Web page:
I think the finding of the court upon these facts is well grounded when it is said that the plaintiffs originated and applied their preparation to a new, arbitrary and fanciful name, which does not describe the article or its ingredients, and which had never been used in medical science to designate or name any other medicine or medical preparation. There is evidence which sustains the finding, and on this appeal the finding is conclusive upon us. The trade mark does not impart information as to the general characteristics and composition of the plaintiffs' preparation at least to such an extent as to render the trade mark itself invalid on that ground. It is not descriptive to any such extent as that. The name may and probably would suggest to any intelligent man a suspicion or perhaps a belief that the article had bromine or a bromide and caffeine in it in some conceivable form, together with possibly many other substances, but there is nothing in the name which necessarily suggests as the basis of this preparation any particular bromide out of the twenty odd which bromine may form with different alkalies, nor would it necessarily suggest that it was a bromide at all, for it might be one of the hundreds of other organic compounds with which bromine combines. Upon these facts how can it be said that by the use of these words there is any such description of the article as indicates to the public the principal ingredient of which the article is composed?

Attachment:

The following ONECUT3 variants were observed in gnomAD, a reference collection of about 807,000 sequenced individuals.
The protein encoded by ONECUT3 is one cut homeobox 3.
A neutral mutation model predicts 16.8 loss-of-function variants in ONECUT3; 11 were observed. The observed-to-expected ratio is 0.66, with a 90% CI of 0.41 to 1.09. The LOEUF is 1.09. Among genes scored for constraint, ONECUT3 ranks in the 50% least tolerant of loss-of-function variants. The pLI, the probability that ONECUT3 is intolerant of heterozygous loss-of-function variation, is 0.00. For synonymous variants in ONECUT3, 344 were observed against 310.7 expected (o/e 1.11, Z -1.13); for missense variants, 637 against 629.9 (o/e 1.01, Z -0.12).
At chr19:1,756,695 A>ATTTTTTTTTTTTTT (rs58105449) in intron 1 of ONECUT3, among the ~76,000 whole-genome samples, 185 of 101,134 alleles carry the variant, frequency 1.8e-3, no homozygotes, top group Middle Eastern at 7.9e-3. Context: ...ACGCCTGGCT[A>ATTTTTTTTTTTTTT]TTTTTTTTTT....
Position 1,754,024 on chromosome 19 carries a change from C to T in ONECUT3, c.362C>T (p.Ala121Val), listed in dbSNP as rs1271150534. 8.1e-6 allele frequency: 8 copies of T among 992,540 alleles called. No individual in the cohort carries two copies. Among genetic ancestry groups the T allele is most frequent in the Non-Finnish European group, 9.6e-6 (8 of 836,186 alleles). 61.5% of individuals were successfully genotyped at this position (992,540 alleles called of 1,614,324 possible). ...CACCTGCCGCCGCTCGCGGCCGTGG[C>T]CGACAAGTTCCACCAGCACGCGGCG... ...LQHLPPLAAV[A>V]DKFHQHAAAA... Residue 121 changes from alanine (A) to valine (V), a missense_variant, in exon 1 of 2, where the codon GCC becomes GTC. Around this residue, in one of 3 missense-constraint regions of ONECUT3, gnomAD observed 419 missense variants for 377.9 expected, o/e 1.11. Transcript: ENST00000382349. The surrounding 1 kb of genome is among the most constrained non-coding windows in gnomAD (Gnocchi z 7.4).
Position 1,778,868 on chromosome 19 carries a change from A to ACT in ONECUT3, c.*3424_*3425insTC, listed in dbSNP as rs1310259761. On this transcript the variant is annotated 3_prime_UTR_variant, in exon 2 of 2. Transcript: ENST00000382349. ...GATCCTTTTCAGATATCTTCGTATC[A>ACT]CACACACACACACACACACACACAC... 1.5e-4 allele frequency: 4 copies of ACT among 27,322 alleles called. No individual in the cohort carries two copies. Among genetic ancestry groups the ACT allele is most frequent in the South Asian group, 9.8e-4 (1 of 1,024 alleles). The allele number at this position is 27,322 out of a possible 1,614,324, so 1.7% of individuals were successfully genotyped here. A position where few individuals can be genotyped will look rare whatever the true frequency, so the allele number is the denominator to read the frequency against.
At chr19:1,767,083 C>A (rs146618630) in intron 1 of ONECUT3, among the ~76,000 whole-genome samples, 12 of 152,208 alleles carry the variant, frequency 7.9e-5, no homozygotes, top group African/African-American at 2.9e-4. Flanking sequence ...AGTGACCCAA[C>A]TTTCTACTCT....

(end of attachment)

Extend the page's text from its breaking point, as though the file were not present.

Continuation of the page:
The word "Bromo" cannot be claimed as descriptive of the ingredient bromine, because the word is also used with regard to substances which have no bromine in them, but only some one of the different bromides. Neither does the word describe any particular bromide. Neither does it give any clue to the substance other than a bromide with which the bromine may have been compounded. The word fails in fact to give information as to what the ingredient is, further than a possibility as above suggested. This failure is very important, for unless the word give some reasonably accurate, some tolerably distinct knowledge as to what the ingredient is, it is clear that it is not descriptive within the meaning of that term as used with reference to a trade mark. When spoken of with reference to a preparation of which it forms a part, bromide of potassium is one ingredient, while bromide of sodium is another and a totally different ingredient, although both are substantially identical in their therapeutic effect. They are still and nevertheless distinct and different ingredients. In addition, however, is the fact that the word "Bromo" does not particularize sufficiently even to indicate that the ingredient is either one or the other of those two bromides out of the twenty or thirty bromides with which bromine may combine. And there is no finding and no proof that even the therapeutic effect of all the other bromides is either substantially or at all identical each with the other or with the two bromides above mentioned. All that any one could do on reading these words would be to guess that probably the article contained some caffeine and some bromine free or combined with some bromide or else with some other organic compound which bromine will combine with, and as to which of these almost infinite possibilities was the fact, the word "Bromo" would convey no information whatever.